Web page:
I do a lot of lifting during short breaks in my office (no pun intended) where I can't use chalk. This is why I swing 40kg and snatch 32kg at home with chalk, and swing 32kg and snatch 24kg in the office without it.
Usually I don't use chalk, only for the hot days when I sweat a lot. The towel doesn't really work. You have a dry handle, but your hands continue to sweat after you toweled them down. Your initial first reps of a set are ok, but at rep 3 or 4 your hands and the handle are wet again and grip is compromised. At the later stages of your session your towel will have a lot of wet spots aswell which will make it impossible to completely dry the handle and your hands. You'll need a second towel.Just wondering if those who use chalk really need it. If the bell slip because of excessive sweating, is it not enough to dry handle & hand between sets (for s&s)?
You can get 2cm thick rubber mats that will protect your floor. I've dropped the 32kg a couple of times on them!In the S&S book Pavel comments about training in a spot where you are not afraid to drop your kettlebell. That's gotta be easier said than done however... Dropping a 32 or 40 from almost any height is going to damage most surfaces. (Probably even your lawn).
To respond to a few points that have been brought up...
@Kettlebelephant yes I can do 10x10 in cooler conditions with the 32kg. It's only become a bigger issue now that summer is arriving.
To everyone else, all I'll say is that I've tried the chalk and it works a dream. It still works my grip plenty but it stops me worrying about my bell slipping due to humidity.
In addition, the only mention I can find of chalk in the Simple and Sinister book is something along the lines of "a little is good, but abusing it will tear the skin". On my first session with it I used a bit too much and could feel how it puts the skin in a risky position. Nevertheless, a little bit certainly did the trick and made the practice more enjoyable and will no doubt improve my consistency. Plus it gets the Pavel stamp of approval. That's all I really needed, as I'm not breaking any of the 'S&S rules'.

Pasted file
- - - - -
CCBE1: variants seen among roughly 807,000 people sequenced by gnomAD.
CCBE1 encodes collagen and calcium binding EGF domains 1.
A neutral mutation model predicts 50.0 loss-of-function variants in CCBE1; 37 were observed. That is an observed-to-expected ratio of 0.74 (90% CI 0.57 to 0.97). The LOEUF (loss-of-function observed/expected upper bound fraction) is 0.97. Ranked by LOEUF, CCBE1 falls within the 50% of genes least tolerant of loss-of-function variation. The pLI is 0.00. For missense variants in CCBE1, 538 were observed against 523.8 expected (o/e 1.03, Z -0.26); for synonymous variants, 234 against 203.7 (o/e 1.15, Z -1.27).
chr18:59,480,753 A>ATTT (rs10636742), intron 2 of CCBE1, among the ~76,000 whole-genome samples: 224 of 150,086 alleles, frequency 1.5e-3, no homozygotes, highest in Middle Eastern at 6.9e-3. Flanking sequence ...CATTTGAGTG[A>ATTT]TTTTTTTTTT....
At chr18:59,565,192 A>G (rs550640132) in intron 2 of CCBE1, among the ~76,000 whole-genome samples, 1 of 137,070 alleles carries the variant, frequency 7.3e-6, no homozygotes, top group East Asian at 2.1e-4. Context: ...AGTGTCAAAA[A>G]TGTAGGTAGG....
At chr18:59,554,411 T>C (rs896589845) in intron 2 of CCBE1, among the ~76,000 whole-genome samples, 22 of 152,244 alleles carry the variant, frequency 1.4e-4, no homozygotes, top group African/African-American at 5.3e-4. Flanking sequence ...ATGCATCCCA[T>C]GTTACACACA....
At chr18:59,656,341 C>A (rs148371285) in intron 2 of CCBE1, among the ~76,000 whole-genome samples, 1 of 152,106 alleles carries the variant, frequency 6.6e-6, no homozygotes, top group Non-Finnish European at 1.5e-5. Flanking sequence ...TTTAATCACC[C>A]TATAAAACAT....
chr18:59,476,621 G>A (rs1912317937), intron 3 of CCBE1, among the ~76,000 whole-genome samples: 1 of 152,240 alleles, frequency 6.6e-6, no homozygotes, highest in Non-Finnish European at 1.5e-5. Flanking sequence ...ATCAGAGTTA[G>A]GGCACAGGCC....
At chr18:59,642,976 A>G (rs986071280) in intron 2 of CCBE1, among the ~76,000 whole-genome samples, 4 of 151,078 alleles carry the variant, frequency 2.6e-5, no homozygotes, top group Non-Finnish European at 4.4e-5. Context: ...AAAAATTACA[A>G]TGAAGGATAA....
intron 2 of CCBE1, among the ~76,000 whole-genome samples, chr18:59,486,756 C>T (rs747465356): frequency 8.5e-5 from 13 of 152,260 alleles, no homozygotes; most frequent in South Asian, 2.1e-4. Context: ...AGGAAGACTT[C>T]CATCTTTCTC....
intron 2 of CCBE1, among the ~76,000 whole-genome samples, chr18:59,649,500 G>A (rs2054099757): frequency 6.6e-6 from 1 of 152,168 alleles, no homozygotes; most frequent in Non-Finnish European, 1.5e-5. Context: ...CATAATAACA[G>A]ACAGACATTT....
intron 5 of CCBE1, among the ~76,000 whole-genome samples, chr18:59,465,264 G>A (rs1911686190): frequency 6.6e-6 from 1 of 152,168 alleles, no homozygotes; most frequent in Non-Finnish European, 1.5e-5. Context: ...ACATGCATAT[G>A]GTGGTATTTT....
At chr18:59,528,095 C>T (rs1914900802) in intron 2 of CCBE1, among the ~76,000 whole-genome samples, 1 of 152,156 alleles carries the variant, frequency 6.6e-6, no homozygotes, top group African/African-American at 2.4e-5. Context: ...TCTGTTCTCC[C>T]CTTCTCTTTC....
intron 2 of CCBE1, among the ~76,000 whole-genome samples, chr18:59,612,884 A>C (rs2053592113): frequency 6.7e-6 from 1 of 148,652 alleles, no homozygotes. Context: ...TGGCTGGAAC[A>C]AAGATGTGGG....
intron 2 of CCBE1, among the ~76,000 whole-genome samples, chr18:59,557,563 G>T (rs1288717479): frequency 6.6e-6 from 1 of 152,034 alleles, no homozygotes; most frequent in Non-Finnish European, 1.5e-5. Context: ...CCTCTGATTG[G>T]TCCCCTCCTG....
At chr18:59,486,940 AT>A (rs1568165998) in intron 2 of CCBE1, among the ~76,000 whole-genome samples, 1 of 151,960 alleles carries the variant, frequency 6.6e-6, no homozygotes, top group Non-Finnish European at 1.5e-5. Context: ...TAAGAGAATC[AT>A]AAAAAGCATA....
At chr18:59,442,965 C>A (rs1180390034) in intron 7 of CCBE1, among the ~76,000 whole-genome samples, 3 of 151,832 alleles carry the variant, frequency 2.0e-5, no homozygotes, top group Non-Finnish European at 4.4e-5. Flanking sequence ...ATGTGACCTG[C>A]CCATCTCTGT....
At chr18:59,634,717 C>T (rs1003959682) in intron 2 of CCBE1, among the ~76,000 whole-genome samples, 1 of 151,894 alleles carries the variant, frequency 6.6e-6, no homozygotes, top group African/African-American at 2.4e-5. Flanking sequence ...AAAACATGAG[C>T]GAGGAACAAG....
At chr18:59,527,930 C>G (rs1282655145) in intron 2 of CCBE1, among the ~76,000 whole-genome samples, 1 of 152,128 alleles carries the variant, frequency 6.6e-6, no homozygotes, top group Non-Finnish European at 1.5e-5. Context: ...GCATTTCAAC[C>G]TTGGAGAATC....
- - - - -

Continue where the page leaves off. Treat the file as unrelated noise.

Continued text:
Also, as has been mentioned already, if 'Chalk-Free Simple/Sinister' was a goal of mine for whatever reason (FWIW I really hope that doesn't become a thing... this thread is only really a product of me overthinking things), achieving 'Simple/Sinister Plus' with chalk would probably be a quicker way to do it.
Finally, I definitely agree with the stance @Anna C has on the comparison between chalk and lifting belts - I really don't think they're on the same level as one another. I mean, don't some people/lifters also use chalk as well as belts when deadlifting? If doing hairstyle swings with a belt was a thing, then I think that'd be more comparible.
Bottom line that I'm going by now though is that the rules on achieving Simple/Sinister do not say anywhere in the book that chalk isn't allowed, but does say that a little is "good". Having tried it myself now, I'll definitely be making use of it as needed.
I apologise for overthinking things...
These page numbers don't agree with my printed copy. Could you check them, or tell me if they're from Kindle or another source?This is what the S&S 2.0 book mentions about chalk:
"Use chalk." p.63
"I will say again:Use chalk." p.63
"Why People Fail on S&S
- Do not use chalk.